European Union – New Rules Require Non-EU Companies Selling Via the Internet to Charge VAT

On 7 May 2002, the European Union (EU) Council of Ministers formally adopted the E-Commerce Directive regarding Value Added Tax (VAT) on “online services”. The directive is to be implemented effective from 1 July 2003 in all 15 EU Member States—Austria, Belgium, Denmark, Finland, France, Germany, Greece, Ireland, Italy, Luxembourg, the Netherlands, Portugal, Spain, Sweden and the United Kingdom.


The directive changes the VAT place of supply rules for goods and services sold electronically. Irrespective of where the supplier of an online service is established, the directive states that the service is subject to VAT if it is “consumed” in the European Union. Conversely, VAT is not charged if the service is “consumed” outside the European Union.

As a result of these changes, EU VAT obligations fall on any business that is not resident in the European Union if it sells electronic services to private citizens in the European Union (and to certain non-business organizations). Affected businesses must register for VAT in at least one EU Member State and charge VAT to private customers, at the appropriate rate for each country. EU VAT rates currently range from 13% to 25%. Registration is not required for online services supplied to business customers who must self assess VAT.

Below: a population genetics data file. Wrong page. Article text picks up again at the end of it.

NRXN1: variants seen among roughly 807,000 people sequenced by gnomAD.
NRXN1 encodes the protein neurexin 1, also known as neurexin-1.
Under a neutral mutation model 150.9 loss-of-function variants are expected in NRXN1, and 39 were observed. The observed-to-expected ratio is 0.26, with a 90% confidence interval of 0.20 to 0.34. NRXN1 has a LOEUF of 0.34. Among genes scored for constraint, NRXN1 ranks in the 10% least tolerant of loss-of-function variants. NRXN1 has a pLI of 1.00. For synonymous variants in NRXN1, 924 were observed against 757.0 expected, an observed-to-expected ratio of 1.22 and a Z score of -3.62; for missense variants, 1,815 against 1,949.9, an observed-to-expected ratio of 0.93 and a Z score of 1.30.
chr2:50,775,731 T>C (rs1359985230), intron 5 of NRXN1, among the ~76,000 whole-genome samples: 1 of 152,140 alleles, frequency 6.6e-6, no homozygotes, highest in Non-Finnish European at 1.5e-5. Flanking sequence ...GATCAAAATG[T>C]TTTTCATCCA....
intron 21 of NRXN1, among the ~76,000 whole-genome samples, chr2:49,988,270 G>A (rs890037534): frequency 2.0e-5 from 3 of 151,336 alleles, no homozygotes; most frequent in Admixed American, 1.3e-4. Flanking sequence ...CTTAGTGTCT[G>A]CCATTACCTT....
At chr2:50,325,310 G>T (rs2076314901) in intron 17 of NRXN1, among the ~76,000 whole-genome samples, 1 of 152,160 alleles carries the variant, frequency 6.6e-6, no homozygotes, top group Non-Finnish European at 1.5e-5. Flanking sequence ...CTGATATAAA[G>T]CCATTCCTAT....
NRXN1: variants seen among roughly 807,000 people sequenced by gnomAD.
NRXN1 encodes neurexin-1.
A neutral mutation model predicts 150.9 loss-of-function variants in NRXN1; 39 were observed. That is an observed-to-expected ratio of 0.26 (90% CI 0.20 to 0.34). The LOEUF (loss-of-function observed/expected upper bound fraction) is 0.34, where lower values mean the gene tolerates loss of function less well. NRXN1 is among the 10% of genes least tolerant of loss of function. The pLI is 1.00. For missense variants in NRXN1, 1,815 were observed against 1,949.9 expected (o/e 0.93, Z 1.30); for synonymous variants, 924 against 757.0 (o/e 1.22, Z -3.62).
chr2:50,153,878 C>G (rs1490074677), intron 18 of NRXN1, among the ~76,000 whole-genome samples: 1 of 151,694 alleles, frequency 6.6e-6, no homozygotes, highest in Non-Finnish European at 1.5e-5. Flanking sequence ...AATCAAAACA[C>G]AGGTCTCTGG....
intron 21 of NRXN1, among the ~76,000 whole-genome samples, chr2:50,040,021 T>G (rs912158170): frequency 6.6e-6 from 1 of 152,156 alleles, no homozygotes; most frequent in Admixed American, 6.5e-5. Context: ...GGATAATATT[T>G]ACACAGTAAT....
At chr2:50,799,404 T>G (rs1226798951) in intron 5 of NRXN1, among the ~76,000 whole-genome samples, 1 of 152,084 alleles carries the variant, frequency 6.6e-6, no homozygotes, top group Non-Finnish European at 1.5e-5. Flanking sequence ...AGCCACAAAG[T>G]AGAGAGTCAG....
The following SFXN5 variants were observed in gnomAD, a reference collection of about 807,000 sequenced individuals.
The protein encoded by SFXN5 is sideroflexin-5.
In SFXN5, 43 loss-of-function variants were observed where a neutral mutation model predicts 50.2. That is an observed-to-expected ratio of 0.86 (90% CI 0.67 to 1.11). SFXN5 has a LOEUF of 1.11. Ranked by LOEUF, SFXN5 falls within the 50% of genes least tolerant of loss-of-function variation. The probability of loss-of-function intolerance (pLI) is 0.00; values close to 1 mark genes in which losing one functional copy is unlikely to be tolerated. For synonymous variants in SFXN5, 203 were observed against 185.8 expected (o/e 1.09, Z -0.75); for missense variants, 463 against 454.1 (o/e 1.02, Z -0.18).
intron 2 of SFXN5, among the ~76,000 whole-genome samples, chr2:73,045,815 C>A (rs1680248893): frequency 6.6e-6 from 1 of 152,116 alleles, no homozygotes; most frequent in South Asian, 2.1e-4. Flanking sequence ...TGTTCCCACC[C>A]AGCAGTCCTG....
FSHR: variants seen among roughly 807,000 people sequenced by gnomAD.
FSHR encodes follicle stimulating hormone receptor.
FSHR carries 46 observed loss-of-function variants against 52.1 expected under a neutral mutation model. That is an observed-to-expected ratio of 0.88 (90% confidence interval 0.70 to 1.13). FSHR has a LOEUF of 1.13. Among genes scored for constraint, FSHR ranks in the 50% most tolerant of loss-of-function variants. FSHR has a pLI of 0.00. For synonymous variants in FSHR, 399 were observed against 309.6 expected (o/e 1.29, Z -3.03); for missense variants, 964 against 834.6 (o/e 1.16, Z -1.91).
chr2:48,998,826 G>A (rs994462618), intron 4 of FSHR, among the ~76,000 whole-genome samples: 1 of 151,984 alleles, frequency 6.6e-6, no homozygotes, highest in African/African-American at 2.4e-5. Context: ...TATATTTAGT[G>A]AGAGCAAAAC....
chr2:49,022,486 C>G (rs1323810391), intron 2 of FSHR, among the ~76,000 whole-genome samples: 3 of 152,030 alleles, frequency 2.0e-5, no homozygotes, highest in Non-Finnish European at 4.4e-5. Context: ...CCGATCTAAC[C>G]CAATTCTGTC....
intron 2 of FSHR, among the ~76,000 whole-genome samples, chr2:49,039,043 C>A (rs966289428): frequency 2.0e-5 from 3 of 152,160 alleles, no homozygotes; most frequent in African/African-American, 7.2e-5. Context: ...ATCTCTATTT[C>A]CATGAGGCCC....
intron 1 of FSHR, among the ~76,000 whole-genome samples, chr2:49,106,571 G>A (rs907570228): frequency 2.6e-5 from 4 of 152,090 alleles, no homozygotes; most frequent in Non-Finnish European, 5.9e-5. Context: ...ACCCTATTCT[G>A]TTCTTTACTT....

A business that is established outside the European Union may register for VAT in each Member State where it has customers or it may register for VAT in a single Member State, under a new facility introduced by the directive. Under the single place of registration, a non-EU business must charge VAT at the appropriate rate in each Member State where it has customers, but it submits a single VAT return form in the Member State where it is registered. VAT paid on business expenses is not deducted from the VAT charged to customers. Instead, refunds of VAT are made through the EU 13th Directive procedure. However, reciprocity conditions do not apply—Member States are obliged to refund VAT in these circumstances, regardless of where the claimant is resident.

Online services sold by EU businesses to EU final consumers are taxed at the rate applicable in the country where the supplier is resident, not at the rate applicable in the customer’s country. Therefore certain non-EU businesses may decide to establish a branch or subsidiary in the European Union from which to supply their online services.

The new rules cover the following types of services:
  • Broadcasting, including subscription or pay-per-view radio, television and internet services;
  • Music downloads;
  • Film, video, images and photographs;
  • Software, including virus scanning, banner blockers, downloaded drivers, screensavers and search engines;
  • Text and other information, including online news, instant messages, stock prices, sports results and horoscopes;
  • Online publications, including books, manuals, newspapers, articles, newsletters, magazines and periodicals;
  • Online games, including interactive or downloaded software;
  • Distance teaching, online training and coaching;
  • Educational material, including encyclopedia, atlas and aerial maps; and Auction services.